A Greenpoint rental building located near the foot of the Pulaski Bridge launched a housing lottery this week for eight middle-income apartments. The development, dubbed Freeman’s Corner, contains two buildings at 215 and 216 Freeman Street. Units boast oversized windows, polished concrete floors, built-in Bluetooth speakers and some feature private balconies. Qualifying New Yorkers earning 130 percent of the area median income can apply for the units, which include four $2,270/month one-bedrooms and four $2,733/month two-bedrooms.
197 Freeman Street via CityRealty
A $2,255/month one-bedroom might not be the deal of the century, but compared to the fact that the same market-rate apartment is asking $3,115, it sure seems like a steal. At 197 Freeman Street in Greenpoint, just a few blocks from the waterfront and right near cool spots like the Lobster Join and Troost, six apartments are available through the city’s affordable housing lottery to New Yorkers earning 130 percent of the area median income. They range from $2,100/month studios to $2,715/month two-bedrooms, and the newly constructed building offers a gym, roof deck, and laundry.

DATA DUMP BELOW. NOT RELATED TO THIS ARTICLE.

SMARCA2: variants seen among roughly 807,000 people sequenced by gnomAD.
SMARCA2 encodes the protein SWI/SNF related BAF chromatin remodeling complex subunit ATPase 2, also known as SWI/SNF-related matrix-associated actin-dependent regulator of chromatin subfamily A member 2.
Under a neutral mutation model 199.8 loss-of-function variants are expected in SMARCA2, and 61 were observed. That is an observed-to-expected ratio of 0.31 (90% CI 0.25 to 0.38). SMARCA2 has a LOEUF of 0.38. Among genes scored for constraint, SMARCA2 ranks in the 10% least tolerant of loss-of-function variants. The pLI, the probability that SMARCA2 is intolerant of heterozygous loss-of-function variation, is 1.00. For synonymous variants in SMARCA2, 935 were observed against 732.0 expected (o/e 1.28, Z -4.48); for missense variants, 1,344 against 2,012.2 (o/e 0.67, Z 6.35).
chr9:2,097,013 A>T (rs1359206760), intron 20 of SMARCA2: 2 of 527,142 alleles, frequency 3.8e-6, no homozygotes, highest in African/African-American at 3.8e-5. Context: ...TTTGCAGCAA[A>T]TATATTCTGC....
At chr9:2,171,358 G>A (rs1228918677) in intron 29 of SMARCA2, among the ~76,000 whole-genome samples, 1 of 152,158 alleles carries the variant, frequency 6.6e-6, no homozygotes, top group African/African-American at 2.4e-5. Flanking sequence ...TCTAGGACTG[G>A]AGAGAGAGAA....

Rendering posted on the construction fence
On the site immediately south of the former Greenpoint Terminal Market, which was destroyed in a massive fire in 2006, three high-rise buildings are planned, containing hundreds of apartments. As of now, Halcyon Management Group has filed permits for a 19-story, 234-unit tower at 29 West Street, a 14-story, 92-unit tower at 37 West Street and a 33-story, 410-unit tower at 65 Private Drive. CityRealty recently uncovered the first renderings of the Brooklyn project, which show a total of four towers, with two 400-foot towers overlooking the East River, and two smaller buildings situated further inland. SLCE Architects is listed as the architect of record for the three buildings filed.
Old and new meet at this $1.4M Greenpoint duplex with brick feature wall and glass-enclosed staircase, Wed, June 6, 2018